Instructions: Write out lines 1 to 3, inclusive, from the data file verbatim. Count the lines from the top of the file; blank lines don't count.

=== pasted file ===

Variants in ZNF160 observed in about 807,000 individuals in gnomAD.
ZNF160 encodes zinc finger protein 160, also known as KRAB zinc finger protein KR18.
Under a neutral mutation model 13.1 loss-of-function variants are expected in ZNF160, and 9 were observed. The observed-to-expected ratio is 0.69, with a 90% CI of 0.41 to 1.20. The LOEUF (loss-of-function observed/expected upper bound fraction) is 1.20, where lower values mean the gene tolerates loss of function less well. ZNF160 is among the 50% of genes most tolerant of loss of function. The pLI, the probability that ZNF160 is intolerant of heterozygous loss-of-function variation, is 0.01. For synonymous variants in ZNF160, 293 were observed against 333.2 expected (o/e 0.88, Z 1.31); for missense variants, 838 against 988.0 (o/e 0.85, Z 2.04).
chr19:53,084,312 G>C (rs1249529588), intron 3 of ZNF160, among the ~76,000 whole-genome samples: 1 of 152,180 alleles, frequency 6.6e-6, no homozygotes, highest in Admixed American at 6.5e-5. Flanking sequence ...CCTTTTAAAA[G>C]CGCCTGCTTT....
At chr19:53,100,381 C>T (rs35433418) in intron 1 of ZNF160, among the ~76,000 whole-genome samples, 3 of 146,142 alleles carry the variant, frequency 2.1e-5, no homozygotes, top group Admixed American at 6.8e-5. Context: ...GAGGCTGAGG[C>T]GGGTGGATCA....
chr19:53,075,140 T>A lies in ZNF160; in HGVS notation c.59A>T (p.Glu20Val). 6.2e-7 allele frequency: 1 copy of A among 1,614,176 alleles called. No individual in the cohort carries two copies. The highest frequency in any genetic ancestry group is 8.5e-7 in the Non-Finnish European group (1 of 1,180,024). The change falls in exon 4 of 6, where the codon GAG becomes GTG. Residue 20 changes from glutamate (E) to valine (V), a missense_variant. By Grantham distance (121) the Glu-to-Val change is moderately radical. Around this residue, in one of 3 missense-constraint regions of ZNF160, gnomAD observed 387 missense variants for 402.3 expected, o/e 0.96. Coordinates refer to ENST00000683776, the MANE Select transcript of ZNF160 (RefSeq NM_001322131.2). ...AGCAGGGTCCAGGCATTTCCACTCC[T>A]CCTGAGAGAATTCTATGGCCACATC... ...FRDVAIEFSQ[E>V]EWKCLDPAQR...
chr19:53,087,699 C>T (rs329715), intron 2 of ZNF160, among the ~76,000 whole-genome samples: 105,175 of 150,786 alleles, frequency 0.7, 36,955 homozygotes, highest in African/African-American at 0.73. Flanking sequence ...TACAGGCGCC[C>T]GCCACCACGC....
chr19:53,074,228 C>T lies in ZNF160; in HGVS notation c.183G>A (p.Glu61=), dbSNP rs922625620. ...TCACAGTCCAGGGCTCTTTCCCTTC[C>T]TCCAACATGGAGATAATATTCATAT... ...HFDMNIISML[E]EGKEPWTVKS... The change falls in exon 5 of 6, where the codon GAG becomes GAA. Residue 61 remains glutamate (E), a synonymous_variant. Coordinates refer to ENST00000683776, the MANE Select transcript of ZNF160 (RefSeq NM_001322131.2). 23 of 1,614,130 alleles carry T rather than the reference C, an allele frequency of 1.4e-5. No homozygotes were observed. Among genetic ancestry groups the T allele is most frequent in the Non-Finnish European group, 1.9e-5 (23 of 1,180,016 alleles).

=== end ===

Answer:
Variants in ZNF160 observed in about 807,000 individuals in gnomAD.
ZNF160 encodes zinc finger protein 160, also known as KRAB zinc finger protein KR18.
Under a neutral mutation model 13.1 loss-of-function variants are expected in ZNF160, and 9 were observed. The observed-to-expected ratio is 0.69, with a 90% CI of 0.41 to 1.20. The LOEUF (loss-of-function observed/expected upper bound fraction) is 1.20, where lower values mean the gene tolerates loss of function less well. ZNF160 is among the 50% of genes most tolerant of loss of function. The pLI, the probability that ZNF160 is intolerant of heterozygous loss-of-function variation, is 0.01. For synonymous variants in ZNF160, 293 were observed against 333.2 expected (o/e 0.88, Z 1.31); for missense variants, 838 against 988.0 (o/e 0.85, Z 2.04).